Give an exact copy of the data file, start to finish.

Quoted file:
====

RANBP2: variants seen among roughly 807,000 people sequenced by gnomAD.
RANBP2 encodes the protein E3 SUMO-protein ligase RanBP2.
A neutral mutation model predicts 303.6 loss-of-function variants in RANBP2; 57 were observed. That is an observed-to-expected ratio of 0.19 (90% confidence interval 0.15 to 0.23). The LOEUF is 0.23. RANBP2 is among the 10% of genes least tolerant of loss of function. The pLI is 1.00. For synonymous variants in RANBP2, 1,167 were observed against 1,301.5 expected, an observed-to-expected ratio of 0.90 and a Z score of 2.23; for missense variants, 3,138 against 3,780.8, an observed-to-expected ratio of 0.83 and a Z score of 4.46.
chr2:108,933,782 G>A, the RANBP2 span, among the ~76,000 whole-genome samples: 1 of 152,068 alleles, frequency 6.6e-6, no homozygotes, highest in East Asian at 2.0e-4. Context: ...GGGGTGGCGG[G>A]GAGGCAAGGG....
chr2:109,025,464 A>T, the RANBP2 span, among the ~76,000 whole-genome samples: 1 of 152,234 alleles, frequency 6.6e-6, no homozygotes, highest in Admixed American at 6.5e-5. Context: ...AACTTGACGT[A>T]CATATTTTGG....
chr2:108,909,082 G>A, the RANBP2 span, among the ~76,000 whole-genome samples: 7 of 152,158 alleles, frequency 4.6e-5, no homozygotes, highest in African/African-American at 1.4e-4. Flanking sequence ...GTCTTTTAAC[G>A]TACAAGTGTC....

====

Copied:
RANBP2: variants seen among roughly 807,000 people sequenced by gnomAD.
RANBP2 encodes the protein E3 SUMO-protein ligase RanBP2.
A neutral mutation model predicts 303.6 loss-of-function variants in RANBP2; 57 were observed. That is an observed-to-expected ratio of 0.19 (90% confidence interval 0.15 to 0.23). The LOEUF is 0.23. RANBP2 is among the 10% of genes least tolerant of loss of function. The pLI is 1.00. For synonymous variants in RANBP2, 1,167 were observed against 1,301.5 expected, an observed-to-expected ratio of 0.90 and a Z score of 2.23; for missense variants, 3,138 against 3,780.8, an observed-to-expected ratio of 0.83 and a Z score of 4.46.
chr2:108,933,782 G>A, the RANBP2 span, among the ~76,000 whole-genome samples: 1 of 152,068 alleles, frequency 6.6e-6, no homozygotes, highest in East Asian at 2.0e-4. Context: ...GGGGTGGCGG[G>A]GAGGCAAGGG....
chr2:109,025,464 A>T, the RANBP2 span, among the ~76,000 whole-genome samples: 1 of 152,234 alleles, frequency 6.6e-6, no homozygotes, highest in Admixed American at 6.5e-5. Context: ...AACTTGACGT[A>T]CATATTTTGG....
chr2:108,909,082 G>A, the RANBP2 span, among the ~76,000 whole-genome samples: 7 of 152,158 alleles, frequency 4.6e-5, no homozygotes, highest in African/African-American at 1.4e-4. Flanking sequence ...GTCTTTTAAC[G>A]TACAAGTGTC....